THE KLEIN CURACAO SPECIALIST
Caribbean Tours is the Klein Curacao specialist and offers you a complete overview below of all boats. Compare the prices, the several day trips, book and pay easily with iDeal, Credit Card or PayPal. Caribbean Tours is affiliated with "Thuiswinkel Certification", the Dutch reliability certificate for webshops. Our customers rate onze klantenservice met een 9.6 en maar liefst 98% van onze klanten beveelt ons aan. Kortom: voorkom teleurstelling en reserveer hier direct je Klein Curacao dagtocht zodat je verzekerd bent van plek. Bij reservering alleen kleine aanbetaling.
THE KLEIN CURACAO SPECIALIST
Caribbean Tours is the Klein Curacao specialist and offers you a complete overview below of all boats. Compare the prices, the several day trips, book and pay easily with iDeal, Credit Card or PayPal. Caribbean Tours is affiliated with "Thuiswinkel Certification", the Dutch reliability certificate for webshops. Our customers rate onze klantenservice met een 9.6 en maar liefst 98% van onze klanten beveelt ons aan.
Klein Curacao is a small, uninhabited, tropical bounty island with a pearly white beach, an azure blue sea, a spectacular reef and beautiful underwater world. This lovely island is located about 25 kilometers from Curaçao and is about 2 square kilometers in circumference. It is a must see when you are on vacation in Curaçao. The beach of this beautiful island is known as one of the most beautiful beaches in the world.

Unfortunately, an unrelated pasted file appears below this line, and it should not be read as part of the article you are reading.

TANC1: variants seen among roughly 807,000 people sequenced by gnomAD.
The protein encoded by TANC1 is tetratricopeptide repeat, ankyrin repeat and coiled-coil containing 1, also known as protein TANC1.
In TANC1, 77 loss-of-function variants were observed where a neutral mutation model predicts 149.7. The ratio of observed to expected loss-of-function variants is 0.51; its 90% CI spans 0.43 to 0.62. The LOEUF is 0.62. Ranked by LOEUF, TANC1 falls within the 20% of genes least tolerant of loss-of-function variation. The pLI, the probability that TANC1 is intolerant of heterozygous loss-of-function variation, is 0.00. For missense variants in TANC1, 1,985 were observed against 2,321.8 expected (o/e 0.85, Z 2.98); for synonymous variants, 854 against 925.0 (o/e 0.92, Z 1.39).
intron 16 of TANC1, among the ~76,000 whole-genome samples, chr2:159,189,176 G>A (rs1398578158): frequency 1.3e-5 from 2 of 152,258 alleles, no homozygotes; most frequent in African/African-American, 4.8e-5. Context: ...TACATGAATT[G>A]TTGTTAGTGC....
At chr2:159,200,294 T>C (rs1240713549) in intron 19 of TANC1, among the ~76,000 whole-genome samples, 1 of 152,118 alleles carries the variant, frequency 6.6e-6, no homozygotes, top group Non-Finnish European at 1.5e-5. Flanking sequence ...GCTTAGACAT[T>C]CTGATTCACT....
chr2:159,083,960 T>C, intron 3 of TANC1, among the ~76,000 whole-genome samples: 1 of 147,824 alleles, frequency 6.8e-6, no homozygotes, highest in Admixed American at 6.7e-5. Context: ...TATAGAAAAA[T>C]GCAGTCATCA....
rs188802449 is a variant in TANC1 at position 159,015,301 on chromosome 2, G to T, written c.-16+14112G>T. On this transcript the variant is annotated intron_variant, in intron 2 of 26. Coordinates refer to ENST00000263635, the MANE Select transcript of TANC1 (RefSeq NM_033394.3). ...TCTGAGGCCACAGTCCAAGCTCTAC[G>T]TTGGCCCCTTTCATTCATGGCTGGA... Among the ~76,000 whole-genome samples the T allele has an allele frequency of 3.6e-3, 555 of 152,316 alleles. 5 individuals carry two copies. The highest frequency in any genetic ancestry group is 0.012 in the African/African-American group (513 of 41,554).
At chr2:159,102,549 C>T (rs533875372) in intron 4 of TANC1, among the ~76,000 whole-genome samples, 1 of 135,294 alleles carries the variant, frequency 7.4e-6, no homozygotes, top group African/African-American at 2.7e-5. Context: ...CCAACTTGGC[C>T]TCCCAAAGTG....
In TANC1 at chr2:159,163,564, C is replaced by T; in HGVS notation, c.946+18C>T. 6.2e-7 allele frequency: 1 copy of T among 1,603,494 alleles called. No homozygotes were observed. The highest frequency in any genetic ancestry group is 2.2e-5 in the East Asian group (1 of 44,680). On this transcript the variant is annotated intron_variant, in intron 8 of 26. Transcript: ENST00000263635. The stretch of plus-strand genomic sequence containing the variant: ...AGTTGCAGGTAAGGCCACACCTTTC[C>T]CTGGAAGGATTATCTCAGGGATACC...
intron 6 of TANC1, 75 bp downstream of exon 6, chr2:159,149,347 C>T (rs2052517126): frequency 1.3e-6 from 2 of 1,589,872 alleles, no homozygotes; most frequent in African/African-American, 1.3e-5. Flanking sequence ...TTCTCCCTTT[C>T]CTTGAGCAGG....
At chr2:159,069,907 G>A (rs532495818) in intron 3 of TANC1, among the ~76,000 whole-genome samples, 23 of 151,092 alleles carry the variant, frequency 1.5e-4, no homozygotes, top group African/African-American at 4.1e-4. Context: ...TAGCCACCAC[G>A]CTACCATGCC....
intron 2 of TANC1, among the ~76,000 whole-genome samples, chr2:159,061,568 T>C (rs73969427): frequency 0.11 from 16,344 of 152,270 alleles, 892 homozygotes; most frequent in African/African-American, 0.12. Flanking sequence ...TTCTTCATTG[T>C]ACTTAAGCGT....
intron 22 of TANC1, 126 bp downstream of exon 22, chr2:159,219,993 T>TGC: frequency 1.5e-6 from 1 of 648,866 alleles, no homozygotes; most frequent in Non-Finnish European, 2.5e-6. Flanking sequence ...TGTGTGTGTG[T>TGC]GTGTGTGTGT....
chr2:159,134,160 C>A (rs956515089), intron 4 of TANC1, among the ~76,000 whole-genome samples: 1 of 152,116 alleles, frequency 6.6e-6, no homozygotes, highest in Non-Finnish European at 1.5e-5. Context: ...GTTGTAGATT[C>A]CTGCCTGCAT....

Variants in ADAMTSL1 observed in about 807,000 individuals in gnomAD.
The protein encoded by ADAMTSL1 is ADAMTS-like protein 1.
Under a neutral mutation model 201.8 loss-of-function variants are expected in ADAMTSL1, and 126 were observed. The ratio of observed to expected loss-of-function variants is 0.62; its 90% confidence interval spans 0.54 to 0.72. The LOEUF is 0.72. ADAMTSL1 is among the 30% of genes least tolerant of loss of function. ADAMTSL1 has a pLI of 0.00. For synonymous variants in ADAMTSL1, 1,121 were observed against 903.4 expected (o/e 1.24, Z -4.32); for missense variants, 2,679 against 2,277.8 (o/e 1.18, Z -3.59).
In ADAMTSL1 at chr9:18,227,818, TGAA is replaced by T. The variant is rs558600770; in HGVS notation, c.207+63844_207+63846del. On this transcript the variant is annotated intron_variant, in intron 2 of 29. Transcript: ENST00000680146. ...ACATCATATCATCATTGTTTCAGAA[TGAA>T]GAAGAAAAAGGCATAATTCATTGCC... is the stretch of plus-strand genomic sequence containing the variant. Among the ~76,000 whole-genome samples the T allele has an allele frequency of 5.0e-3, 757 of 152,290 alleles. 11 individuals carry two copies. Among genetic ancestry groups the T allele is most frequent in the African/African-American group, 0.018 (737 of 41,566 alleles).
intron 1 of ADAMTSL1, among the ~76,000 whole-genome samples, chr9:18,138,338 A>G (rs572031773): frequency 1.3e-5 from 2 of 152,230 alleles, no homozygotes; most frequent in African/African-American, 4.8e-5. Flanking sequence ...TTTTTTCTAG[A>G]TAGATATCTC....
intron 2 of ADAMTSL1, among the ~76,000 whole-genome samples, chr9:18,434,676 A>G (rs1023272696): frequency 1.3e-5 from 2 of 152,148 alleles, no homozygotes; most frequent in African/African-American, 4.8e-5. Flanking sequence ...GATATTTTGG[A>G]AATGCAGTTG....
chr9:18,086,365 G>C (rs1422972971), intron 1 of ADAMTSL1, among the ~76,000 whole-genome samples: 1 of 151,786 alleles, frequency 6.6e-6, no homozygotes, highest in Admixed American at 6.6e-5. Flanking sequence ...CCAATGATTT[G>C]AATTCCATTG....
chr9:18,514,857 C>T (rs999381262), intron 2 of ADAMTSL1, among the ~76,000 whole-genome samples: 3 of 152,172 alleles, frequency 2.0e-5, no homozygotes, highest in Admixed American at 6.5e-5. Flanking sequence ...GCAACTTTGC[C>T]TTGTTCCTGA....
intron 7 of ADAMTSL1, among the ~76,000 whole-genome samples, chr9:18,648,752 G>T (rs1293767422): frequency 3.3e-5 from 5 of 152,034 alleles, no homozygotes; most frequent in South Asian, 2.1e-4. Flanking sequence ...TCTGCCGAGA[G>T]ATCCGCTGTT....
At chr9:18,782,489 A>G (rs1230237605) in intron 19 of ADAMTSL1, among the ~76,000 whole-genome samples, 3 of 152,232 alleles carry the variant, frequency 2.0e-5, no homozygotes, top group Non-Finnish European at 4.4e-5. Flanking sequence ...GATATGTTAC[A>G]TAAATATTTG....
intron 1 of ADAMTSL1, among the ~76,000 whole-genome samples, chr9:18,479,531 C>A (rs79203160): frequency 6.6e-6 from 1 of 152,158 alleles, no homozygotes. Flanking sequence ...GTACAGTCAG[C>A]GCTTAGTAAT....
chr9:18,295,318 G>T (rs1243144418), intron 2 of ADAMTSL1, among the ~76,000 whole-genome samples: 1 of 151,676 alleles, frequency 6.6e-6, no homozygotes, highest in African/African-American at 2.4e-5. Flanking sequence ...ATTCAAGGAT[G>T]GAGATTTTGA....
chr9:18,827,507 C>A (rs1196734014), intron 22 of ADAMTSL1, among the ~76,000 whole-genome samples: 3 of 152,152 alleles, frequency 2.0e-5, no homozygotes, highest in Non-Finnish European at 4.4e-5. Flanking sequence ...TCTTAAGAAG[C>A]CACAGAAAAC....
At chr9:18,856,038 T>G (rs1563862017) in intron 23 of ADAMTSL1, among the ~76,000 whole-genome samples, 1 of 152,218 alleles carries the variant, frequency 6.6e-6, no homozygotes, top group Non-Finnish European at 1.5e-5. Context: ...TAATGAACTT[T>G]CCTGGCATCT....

The tropical uninhabited bounty island is known for its crystal clear water and snorkeling opportunities. The water is lovely and warm, crystal clear and you have visibility underwater up to 30 meters. The coral reef and fish are fantastic and your first encounter with a sea turtle is on the roll if you are lucky. It's almost magical when they pass you slowly swimming or when you see them calmly swimming to the surface to take a breath. Enjoy, watch, swim with them, make plenty of pictures and videos but never touch them!
It is not exactly known when the island was first discovered. Officially, the island was only put on the map in 1871 by John Godden, an English mining engineer. John Godden discovered that there was a lot of phosphate present on the island, left behind by all the birds that used Klein Curaçao as a breeding ground. Phosphate was at that time a very popular product and was used in Europe as an additive for cattle feed and fertilizer.
In fifteen years time, over ninety tons of phosphate were extracted and exported to Europe. The phosphate extraction changed the landscape of Klein Curacao and created a barren and empty uninhabited island. Thanks to a reforestation project by Carmabi, there is now some green to be discovered here and there.
In the seventeenth and eighteenth centuries the island was used by the West India Company as a quarantine island for slaves. Before the slaves were brought ashore to Curaçao, the sick slaves were placed in quarantine on Klein Curaçao. Those who did not survive were buried on the island.